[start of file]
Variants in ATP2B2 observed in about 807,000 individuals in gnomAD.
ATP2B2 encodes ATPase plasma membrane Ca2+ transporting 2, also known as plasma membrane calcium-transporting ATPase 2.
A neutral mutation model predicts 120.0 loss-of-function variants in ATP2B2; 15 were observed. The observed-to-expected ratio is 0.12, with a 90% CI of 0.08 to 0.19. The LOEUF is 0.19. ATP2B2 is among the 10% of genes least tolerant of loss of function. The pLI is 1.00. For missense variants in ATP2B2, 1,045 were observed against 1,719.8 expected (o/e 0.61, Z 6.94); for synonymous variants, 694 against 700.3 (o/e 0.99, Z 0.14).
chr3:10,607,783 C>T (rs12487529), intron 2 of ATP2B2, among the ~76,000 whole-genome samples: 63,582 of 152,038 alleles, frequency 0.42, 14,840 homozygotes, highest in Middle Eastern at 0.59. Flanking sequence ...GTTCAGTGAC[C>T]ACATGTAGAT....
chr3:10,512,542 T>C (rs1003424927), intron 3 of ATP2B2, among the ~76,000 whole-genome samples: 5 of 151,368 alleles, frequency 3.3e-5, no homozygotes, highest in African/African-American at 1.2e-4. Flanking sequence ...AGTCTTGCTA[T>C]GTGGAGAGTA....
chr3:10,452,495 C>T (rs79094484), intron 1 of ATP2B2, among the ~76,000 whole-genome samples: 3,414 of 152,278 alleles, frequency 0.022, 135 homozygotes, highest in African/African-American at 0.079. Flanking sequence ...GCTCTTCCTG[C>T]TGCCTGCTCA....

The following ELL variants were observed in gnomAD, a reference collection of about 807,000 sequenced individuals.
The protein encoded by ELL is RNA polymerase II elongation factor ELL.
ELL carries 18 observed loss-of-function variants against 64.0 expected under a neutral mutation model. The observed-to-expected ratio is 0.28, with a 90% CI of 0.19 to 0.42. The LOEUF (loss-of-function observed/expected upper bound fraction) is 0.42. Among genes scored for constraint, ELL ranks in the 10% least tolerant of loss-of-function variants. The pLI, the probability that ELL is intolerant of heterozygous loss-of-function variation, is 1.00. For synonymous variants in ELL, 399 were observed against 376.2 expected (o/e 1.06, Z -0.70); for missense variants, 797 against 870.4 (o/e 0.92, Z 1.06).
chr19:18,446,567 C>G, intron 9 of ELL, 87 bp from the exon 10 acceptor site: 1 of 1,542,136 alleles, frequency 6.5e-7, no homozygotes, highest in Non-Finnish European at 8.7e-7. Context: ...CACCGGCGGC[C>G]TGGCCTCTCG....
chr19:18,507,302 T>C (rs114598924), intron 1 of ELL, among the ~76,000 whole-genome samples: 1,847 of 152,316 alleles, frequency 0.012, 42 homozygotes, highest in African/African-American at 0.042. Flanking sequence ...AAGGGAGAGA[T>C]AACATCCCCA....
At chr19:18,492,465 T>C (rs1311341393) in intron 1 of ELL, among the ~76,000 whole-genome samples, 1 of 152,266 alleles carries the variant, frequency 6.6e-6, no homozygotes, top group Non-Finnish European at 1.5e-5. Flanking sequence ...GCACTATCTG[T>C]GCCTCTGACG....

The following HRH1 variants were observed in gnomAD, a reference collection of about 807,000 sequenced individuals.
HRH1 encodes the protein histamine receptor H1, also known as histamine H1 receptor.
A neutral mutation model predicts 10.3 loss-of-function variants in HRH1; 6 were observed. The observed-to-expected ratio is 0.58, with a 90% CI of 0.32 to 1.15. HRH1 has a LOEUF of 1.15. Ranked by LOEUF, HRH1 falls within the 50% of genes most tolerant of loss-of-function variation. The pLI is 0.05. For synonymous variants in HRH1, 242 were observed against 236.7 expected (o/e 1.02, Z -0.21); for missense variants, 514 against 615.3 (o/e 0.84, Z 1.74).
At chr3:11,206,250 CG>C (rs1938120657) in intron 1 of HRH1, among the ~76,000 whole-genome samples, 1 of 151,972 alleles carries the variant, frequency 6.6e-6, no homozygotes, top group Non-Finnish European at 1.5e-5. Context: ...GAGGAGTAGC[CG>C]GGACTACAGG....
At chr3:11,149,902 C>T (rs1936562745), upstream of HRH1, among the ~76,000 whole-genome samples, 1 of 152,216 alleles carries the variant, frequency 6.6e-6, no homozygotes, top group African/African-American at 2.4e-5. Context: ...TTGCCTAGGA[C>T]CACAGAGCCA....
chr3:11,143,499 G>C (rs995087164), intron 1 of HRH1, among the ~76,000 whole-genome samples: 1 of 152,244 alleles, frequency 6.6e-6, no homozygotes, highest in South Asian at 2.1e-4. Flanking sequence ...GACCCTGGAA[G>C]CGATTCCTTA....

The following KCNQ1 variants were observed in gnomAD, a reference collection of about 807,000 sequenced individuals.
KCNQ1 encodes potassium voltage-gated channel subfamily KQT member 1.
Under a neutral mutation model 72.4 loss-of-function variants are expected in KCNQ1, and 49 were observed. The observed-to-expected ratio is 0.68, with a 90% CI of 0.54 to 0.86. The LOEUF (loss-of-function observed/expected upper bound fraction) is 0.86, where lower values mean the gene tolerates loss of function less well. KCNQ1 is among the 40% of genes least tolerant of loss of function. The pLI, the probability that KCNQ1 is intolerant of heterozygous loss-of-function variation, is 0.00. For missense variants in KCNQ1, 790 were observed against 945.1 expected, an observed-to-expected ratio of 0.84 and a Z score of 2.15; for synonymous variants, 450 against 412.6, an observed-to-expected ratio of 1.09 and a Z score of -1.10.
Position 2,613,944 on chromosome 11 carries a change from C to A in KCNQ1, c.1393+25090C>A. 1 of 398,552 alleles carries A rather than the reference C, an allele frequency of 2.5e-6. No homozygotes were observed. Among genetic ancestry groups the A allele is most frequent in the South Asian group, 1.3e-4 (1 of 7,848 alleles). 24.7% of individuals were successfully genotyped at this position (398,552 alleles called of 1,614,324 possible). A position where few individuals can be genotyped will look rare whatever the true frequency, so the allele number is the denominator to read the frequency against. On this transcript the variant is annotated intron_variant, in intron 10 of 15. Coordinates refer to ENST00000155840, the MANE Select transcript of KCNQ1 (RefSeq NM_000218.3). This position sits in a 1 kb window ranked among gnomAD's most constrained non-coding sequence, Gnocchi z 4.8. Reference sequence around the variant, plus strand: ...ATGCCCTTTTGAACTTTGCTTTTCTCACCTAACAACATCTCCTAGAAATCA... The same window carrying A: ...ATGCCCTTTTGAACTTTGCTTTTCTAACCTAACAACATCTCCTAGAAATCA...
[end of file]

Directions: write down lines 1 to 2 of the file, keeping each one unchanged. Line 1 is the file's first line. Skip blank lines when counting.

Variants in ATP2B2 observed in about 807,000 individuals in gnomAD.
ATP2B2 encodes ATPase plasma membrane Ca2+ transporting 2, also known as plasma membrane calcium-transporting ATPase 2.